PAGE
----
Bangalore: India’s flagship information technology industry is seeking a dose of government benevolence in the federal budget Friday as it grapples with multiple uncertainties.
The industry wants the government to prolong a 10-year income tax waiver on the exports of software makers and outsourcing firms, and ease service and fringe-benefit taxes, said the country’s top technology grouping Nasscom.
The tax holiday has been a key factor in the growth of the Indian IT and business process outsourcing (BPO) industry, whose revenues are seen growing by more than 33% to $64 billion in the year ending 31 March.
Its looming end next year threatens to blunt the competitive edge of small IT firms that are unable to make investment plans because they are unsure about the tax implications they face, Nasscom president Som Mittal said.
“Encouraged by the success of our business model, countries like China have started offering tax incentives and other sops to IT companies,” Mittal said in an interview Tuesday.
“It is important to extend the tax holiday so that Indian companies remain competitive,” he said. Extending the tax exemption a year before it lapses would reassure firms that they could proceed with investment and hiring plans.
Export-oriented special economic zones that are now cropping up in India offer a five-year, 100% tax holiday, but small companies can’t either find or afford space in the enclaves, according to Mittal.
India’s IT sector, which has 1.6 million employees, has led the economic charge to annual growth of 9% and was perceived to have become resilient enough not to need tax breaks beyond next year.
But a clamour for prolonging the tax incentive, under the so-called Software Technology Parks of India (STPI) plan, has grown louder as the industry transits through painful times.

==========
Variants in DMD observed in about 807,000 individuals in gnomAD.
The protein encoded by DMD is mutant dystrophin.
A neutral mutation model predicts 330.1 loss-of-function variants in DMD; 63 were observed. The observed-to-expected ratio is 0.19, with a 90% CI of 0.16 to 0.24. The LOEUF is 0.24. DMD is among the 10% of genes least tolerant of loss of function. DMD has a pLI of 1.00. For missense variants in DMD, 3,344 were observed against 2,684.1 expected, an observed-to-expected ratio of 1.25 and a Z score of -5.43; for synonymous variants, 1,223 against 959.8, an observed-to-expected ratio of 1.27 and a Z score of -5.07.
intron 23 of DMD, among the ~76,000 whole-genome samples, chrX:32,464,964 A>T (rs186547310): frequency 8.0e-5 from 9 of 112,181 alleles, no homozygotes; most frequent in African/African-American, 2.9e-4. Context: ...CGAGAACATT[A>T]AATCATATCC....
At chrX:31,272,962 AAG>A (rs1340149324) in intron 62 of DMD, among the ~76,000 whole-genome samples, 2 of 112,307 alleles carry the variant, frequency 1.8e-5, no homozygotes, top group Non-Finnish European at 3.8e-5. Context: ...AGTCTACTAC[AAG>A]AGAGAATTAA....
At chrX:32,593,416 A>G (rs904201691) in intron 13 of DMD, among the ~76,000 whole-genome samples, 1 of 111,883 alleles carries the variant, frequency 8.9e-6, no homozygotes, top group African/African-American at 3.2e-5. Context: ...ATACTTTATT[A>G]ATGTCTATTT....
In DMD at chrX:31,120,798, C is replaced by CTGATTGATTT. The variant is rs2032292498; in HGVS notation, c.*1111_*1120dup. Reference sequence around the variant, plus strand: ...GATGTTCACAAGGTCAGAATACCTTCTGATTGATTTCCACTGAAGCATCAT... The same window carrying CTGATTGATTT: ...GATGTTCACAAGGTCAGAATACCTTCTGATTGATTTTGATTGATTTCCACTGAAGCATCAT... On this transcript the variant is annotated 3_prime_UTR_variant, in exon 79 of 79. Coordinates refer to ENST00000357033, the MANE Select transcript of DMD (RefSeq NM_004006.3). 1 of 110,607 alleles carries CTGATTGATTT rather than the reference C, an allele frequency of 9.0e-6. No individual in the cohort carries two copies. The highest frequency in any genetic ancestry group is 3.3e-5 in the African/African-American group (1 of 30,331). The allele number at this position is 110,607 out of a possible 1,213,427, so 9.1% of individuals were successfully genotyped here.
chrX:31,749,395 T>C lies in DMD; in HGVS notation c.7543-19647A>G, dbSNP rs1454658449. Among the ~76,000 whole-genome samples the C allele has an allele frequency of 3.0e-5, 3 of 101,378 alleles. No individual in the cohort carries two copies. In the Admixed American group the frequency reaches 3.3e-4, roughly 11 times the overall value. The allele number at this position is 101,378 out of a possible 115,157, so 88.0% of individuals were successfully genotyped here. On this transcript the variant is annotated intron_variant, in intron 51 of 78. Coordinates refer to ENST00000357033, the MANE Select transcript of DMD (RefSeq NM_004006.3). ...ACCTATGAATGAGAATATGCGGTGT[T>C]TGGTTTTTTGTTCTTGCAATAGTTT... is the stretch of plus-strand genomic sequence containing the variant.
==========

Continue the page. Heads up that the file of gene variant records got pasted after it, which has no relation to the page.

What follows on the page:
Export-dependent IT companies are already battling rising payroll and real estate costs, a potential recession in the United States,their biggest market,and the impact of an appreciating rupee.
The rupee gained more than 12% against the dollar last year, denting the local equivalent of export revenue. That’s especially painful for the IT industry, whose expenses are almost all incurred in rupees.
“The prospect of the tax holiday ending has added to the anxieties of IT companies,” said Tejas Doshi, an analyst at Sushil Finance.
“Their margins are already under pressure and now they are facing a higher tax burden. Extending the STPI scheme will be the most uncomplicated way of easing the pain.”
Exports are forecast to jump 28% to top $40 billion in the year to March 2008. A tax starting next year would mean sizeable revenue for the government.
The prevailing view among policy makers is that the IT and BPO industry “has arrived and is quite self-contained,” said B. Ramalinga Raju, chairman of Satyam Computer Services, India’s fourth-largest software firm.
“However, the government has to join hands with the industry, like it did when the industry was nascent,” Raju said.
The revenue loss to the government would be offset by taxes that will come through jobs created in the industry, he said, adding: “The more difficult problem to solve would be standing up to the China challenge.”
Macqurie Securities analyst Shashi Bhushan said he expects the government to provide “positive commentary” to ease anxiety at IT companies that saw their stocks hammered by investors amid last year’s tough times.
“If they extend the tax waiver for three to five years, it could provide a 10% uptick to IT stocks,” Bhushan said.